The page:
Tuesday, May 1, 2007
It’s been quite some time since a horror movie managed to both impress and scare me. The last one I remember really having a strong affect on me was The Descent. The Descent was different and original, had a great cast and showcased some of the most claustrophobic and scary atmospheres in horror history. Let’s just say, it scared the piss outta me.
With Malevolence, I was expecting another brutal but ultimately boring slasherfest. Wow! Was I ever wrong! If it was still 2004 (the year it was released) Malevolence surely would have made my top 10 list.
A bank heist goes wrong and the four thieves are forced to flee for their lives. Kurt takes the money and escapes in his car while Marylin, Julian and a fatally wounded Max take a separate car. Their goal is to meet up at an isolated and abandoned house in the country and use it as their hide-out. Things go awry when Kurt’s car has a blow out and he decides to carjack mother and daughter Samantha and Courtney. He makes them drive to the hide-out, where Courtney makes a daring escape. Unfortunately, she runs to a nearby slaughterhouse that appears abandoned while Kurt gives chase. The slaughterhouse is actually home to a vicious serial killer that has been operating for about a decade.
Meanwhile, after burying Max, Marylin and Julian head to the hide-out to find Kurt and the money missing and Samantha tied up in a corner. When they head out to find Kurt, they discover that they have bigger problems than missing loot…they must fight for their lives as the serial killer stalks and hunts them down.
This was a great first-time feature film by director/writer/editor/producer/composer Stevan Mena. Malevolence echoes classic horror films like Psycho, The Texas Chain Saw Massacre, Friday the 13th, Halloween and even Nightmare on Elm Street. Mena recognizes the masters of horror and doesn’t rip-off the greats, instead managing to pay homage to them while creating his own nail-bitingly suspenseful movie.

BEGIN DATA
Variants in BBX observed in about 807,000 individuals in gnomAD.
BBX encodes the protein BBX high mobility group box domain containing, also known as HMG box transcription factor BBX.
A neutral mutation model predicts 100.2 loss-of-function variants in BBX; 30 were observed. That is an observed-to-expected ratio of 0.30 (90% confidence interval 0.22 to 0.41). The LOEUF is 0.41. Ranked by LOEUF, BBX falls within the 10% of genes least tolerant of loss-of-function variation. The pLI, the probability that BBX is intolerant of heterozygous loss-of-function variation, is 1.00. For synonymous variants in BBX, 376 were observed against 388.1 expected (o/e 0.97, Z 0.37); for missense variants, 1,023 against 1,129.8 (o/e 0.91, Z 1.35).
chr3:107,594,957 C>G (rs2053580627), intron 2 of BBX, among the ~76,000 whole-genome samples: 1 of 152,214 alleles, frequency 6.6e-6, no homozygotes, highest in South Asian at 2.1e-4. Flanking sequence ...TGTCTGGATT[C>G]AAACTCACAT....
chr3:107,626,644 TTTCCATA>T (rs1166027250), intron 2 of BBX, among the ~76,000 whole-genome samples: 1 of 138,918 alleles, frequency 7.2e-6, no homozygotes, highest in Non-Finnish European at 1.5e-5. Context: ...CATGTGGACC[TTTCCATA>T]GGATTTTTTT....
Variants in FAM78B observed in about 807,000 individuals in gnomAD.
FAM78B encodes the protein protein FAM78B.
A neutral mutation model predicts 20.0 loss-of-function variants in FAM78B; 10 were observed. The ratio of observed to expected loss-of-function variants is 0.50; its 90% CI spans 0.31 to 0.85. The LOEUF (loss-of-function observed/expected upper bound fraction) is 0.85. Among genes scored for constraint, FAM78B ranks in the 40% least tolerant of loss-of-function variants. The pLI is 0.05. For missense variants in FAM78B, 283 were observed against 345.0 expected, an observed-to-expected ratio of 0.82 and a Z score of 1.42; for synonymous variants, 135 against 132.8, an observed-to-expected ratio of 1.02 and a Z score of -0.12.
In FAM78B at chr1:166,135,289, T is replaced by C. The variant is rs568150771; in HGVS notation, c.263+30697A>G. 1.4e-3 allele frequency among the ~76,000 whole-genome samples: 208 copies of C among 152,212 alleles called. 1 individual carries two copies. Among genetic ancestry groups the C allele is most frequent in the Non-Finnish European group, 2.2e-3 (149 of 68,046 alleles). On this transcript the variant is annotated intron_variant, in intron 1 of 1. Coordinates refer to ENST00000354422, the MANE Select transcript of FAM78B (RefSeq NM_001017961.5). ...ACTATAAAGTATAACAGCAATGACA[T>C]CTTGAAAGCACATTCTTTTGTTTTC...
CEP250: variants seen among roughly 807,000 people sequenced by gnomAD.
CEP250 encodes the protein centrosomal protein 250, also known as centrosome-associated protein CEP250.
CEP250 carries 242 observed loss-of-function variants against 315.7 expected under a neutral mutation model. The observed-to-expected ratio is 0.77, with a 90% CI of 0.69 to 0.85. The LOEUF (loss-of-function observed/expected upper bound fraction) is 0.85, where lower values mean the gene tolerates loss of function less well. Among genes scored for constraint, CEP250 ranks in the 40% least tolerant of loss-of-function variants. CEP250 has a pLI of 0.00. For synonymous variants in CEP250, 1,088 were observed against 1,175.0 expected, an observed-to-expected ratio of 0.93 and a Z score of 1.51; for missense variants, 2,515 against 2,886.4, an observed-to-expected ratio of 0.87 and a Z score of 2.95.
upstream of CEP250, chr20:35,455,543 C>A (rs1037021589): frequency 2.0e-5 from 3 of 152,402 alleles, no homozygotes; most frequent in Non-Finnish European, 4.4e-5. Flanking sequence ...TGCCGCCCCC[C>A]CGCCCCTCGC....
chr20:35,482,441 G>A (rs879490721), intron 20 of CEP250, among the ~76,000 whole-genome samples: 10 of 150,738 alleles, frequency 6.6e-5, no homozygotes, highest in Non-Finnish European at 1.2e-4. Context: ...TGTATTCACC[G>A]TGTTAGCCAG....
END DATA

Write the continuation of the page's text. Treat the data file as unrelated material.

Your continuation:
What is even more amazing is that this was a low-budget film and was independently financed (mainly by Mena himself) but still manages to look better (and certainly more stylish) than most big budget affairs. Mena insisted on shooting on 35mm film, even though it’s a lot pricier than digital, but the result looks amazing. Cinematographer Tsyuoshi Kimoto captures strikingly beautiful shots of the countryside and also manages to compose some very frightening scenes. The music (composed by Mena himself) also adds a lot to the creepy atmosphere throughout. Mena took his cue mainly from The Texas Chain Saw Massacre and Halloween in composing a very effective score. Both the striking visuals and the ominous score make this film a cut above any old run-of-the-mill horror film.
For a low budget feature, the acting is surprisingly good, especially from lead Brandon Johnson, who plays criminal-with-a-conscience Julian. Samantha Dark as captive Samantha also does a wonderful job as the mother in distress, as does Courtney Bertolone, the young girl who plays Samantha’s feisty daughter Courtney.
The film is a more serious and more grown-up approach to the slasher movie. Unlike most slashers, it is not cheesy or silly and doesn’t feature half-naked women running across the screen or buckets of gore to make up for lack of a story. It is a tense, thrilling and suspenseful ride made by a fellow horror fan that manages to fuse psychological thrills within a slasher story.
I have a lot of enthusiasm for Malevolence and hope to share the experience with friends. Mena hid a lot of references to other horror films within the movie, so this is a great flick to watch with fellow horror fans to try and find all the clever nods to other movies.
Malevolence is a wicked throwback to seminal horror films of the late 70s and 80s. If you are looking for something along the lines of Halloween, Friday the 13th and The Texas Chain Saw Massacre, look no further than Malevolence!
Check out Malevolence on Amazon.com!